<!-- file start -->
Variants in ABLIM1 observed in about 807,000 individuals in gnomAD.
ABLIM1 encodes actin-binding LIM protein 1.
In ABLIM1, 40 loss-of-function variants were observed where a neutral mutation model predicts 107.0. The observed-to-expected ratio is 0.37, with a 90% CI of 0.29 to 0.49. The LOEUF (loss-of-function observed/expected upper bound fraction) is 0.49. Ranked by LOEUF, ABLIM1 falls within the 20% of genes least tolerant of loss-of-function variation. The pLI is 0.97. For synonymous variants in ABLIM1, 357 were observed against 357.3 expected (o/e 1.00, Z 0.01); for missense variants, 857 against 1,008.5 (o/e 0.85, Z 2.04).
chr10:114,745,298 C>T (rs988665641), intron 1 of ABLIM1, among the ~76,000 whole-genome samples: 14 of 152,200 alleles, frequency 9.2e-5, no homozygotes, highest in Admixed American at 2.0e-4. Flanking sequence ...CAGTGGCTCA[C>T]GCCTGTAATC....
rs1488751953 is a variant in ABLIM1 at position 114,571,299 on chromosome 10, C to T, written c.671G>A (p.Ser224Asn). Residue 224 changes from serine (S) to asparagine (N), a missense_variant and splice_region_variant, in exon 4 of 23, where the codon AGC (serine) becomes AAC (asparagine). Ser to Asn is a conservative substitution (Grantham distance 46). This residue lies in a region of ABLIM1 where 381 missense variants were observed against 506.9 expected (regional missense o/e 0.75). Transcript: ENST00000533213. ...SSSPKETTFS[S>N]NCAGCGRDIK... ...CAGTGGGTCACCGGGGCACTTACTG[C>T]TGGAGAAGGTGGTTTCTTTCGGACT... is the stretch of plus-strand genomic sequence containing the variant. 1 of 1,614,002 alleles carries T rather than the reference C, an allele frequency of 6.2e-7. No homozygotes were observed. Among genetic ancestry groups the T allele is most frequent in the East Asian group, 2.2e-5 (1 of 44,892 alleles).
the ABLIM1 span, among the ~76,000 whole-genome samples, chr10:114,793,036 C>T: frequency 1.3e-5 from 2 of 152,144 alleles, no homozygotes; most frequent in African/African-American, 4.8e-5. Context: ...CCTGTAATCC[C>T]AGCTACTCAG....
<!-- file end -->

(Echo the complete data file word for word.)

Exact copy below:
Variants in ABLIM1 observed in about 807,000 individuals in gnomAD.
ABLIM1 encodes actin-binding LIM protein 1.
In ABLIM1, 40 loss-of-function variants were observed where a neutral mutation model predicts 107.0. The observed-to-expected ratio is 0.37, with a 90% CI of 0.29 to 0.49. The LOEUF (loss-of-function observed/expected upper bound fraction) is 0.49. Ranked by LOEUF, ABLIM1 falls within the 20% of genes least tolerant of loss-of-function variation. The pLI is 0.97. For synonymous variants in ABLIM1, 357 were observed against 357.3 expected (o/e 1.00, Z 0.01); for missense variants, 857 against 1,008.5 (o/e 0.85, Z 2.04).
chr10:114,745,298 C>T (rs988665641), intron 1 of ABLIM1, among the ~76,000 whole-genome samples: 14 of 152,200 alleles, frequency 9.2e-5, no homozygotes, highest in Admixed American at 2.0e-4. Flanking sequence ...CAGTGGCTCA[C>T]GCCTGTAATC....
rs1488751953 is a variant in ABLIM1 at position 114,571,299 on chromosome 10, C to T, written c.671G>A (p.Ser224Asn). Residue 224 changes from serine (S) to asparagine (N), a missense_variant and splice_region_variant, in exon 4 of 23, where the codon AGC (serine) becomes AAC (asparagine). Ser to Asn is a conservative substitution (Grantham distance 46). This residue lies in a region of ABLIM1 where 381 missense variants were observed against 506.9 expected (regional missense o/e 0.75). Transcript: ENST00000533213. ...SSSPKETTFS[S>N]NCAGCGRDIK... ...CAGTGGGTCACCGGGGCACTTACTG[C>T]TGGAGAAGGTGGTTTCTTTCGGACT... is the stretch of plus-strand genomic sequence containing the variant. 1 of 1,614,002 alleles carries T rather than the reference C, an allele frequency of 6.2e-7. No homozygotes were observed. Among genetic ancestry groups the T allele is most frequent in the East Asian group, 2.2e-5 (1 of 44,892 alleles).
the ABLIM1 span, among the ~76,000 whole-genome samples, chr10:114,793,036 C>T: frequency 1.3e-5 from 2 of 152,144 alleles, no homozygotes; most frequent in African/African-American, 4.8e-5. Context: ...CCTGTAATCC[C>T]AGCTACTCAG....